phoebe prides itself on supporting up-and-coming writers, whose style, form, voice, and subject matter demonstrate a vigorous appeal to the senses, intellect, and emotions of our readers. We choose our writers because we believe their work succeeds at its goals, regardless of whether those goals are to uphold or challenge literary tradition.
We insist on openness, which means we welcome both experimental and conventional prose and poetry, and we insist on being entertained, which means the work must capture and hold our attention, whether it be the potent language of a poem or the narrative mechanics of a short story. Above all, we seek to publish quality writing. Please review our website, especially our latest issue, for an idea of the caliber of writing we publish.
We produce a print issue in fall/winter and an online issue in spring/summer. We’re generally open for submissions from late summer to early fall for the print issue and from mid-winter to early spring for the online issue. The online issue is comprised of the winners (and possibly several honorable mentions) of our annual contests in fiction, poetry, and nonfiction.
phoebe: publishing original work since 1971.
If you have any other questions, please send us an email at firstname.lastname@example.org.
phoebe is published by George Mason University’s Office of Student Media, which is dedicated to providing hands-on, experiential learning opportunities for students who aspire to a career in media production or journalism. If you would like to donate to the Mason Student Media Fund, click here to give now.
Editor-in-Chief – Kayla Hare
Managing Editor – Sophia Ross
Poetry Editor – Susan Muth
Assistant Poetry Editor – Tori Reynolds
Fiction Editor – Bareerah Ghani
Assistant Fiction Editor – Katy Mullins
Nonfiction Editor – Emilie Knudsen
Assistant Nonfiction Editor – Ashlen Renner
Webmaster – Chelsea Lebron
Blog Editor – Allie Stanich
Layout and Design Editor – Stephanie Runyon
Marcielo Ampudia, Kathleen Callahan, Ariel Campos, Meaghan Clohessy, Frannie Dove, Jenny Fried, Bareerah Ghani, Shaun Holloway, Julie Iannone, Ben Inks, Alaina Johansson, Kate Keeney, Emilie Knudsen, Chris McGlone, Martin Mitchell, Ivan Moore, Andrew Nosti, Farheen Raparthi, Stephanie Runyon, Erin Snyder, Kate Steagall, Leah Sumrall, Asa Sutton, Grace Taber, Kathy Vinogradoff, Andrew J. White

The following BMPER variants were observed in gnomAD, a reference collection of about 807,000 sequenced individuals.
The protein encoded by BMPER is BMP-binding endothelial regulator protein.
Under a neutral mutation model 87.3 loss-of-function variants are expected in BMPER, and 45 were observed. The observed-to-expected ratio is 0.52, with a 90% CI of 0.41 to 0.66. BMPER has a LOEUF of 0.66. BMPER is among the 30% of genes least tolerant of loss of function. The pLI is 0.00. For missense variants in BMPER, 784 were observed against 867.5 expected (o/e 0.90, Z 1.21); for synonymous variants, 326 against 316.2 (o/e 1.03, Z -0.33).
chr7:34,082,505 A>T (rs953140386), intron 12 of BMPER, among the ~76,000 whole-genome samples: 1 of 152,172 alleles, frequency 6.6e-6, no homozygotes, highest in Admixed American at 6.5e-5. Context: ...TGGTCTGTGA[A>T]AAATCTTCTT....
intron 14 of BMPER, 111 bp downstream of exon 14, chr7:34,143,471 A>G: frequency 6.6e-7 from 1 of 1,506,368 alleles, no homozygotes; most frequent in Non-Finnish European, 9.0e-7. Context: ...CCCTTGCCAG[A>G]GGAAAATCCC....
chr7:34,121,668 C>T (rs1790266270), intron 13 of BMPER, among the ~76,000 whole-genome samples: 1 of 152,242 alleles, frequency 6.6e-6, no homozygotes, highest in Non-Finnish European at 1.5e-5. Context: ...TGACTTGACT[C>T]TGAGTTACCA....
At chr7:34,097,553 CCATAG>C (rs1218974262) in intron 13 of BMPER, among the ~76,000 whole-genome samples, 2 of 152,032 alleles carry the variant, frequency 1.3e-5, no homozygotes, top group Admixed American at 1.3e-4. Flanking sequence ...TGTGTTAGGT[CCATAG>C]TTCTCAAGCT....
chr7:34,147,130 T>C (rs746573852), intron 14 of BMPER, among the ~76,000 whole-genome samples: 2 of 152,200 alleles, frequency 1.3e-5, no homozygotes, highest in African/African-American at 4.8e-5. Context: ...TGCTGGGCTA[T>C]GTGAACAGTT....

As poets, we want to see poems that are aware of themselves and their material(s). We want to see poems interacting with their status as language on a page. Specifically, we like to read poems with an awareness of self and place, how selfhood and being placed both reinforce each other and prepare the speaker for externality, politically and otherwise, with experience, image, and getting lost in the process of poetry itself as starting points and endpoints. As such, we are currently encouraging more queer and trans poetics as a methodology for dealing with these issues, not as a stopgap but as a throughline.
-Susan Muth and Tori Reynolds, Poetry Editor and Assistant Editor
The phoebe fiction team is looking for short stories, flash fiction, and micro fiction that pack an emotional or intellectual punch and deliver an honest, affecting, and human reading experience. We appreciate weirdness and therefore prefer writing that takes risks (such as in form, content, narration, etc.) over that which plays it safe but lacks urgency or soul. While we don’t have a strict word count, pieces upwards of 4,000 words or 13 standard manuscript pages must justify their length to merit inclusion. We look forward to reading your work!
-Bareerah Ghani and Katy Mullins, Fiction Editor and Assistant Editor
We are excited by nonfiction that faces down risk, embraces complexity, and tests the bounds of form, craft and language. We look for personal, lyric, and/or journalistic essays (and everything in between!) that engage in vibrant exploration and inquiry. Above all, we want nonfiction that wrestles with ideas in order to reveal larger truths about the self and the world through unique lenses, representing diverse identities and voices with intellectual and emotional honesty. Submitted work should be stand-alone. On our pages, we aim for a mixture of brevity and breadth, and we warmly welcome submissions from both emerging and experienced writers.
—Emilie Knudsen and Ashlen Renner, Nonfiction Editor and Assistant Editor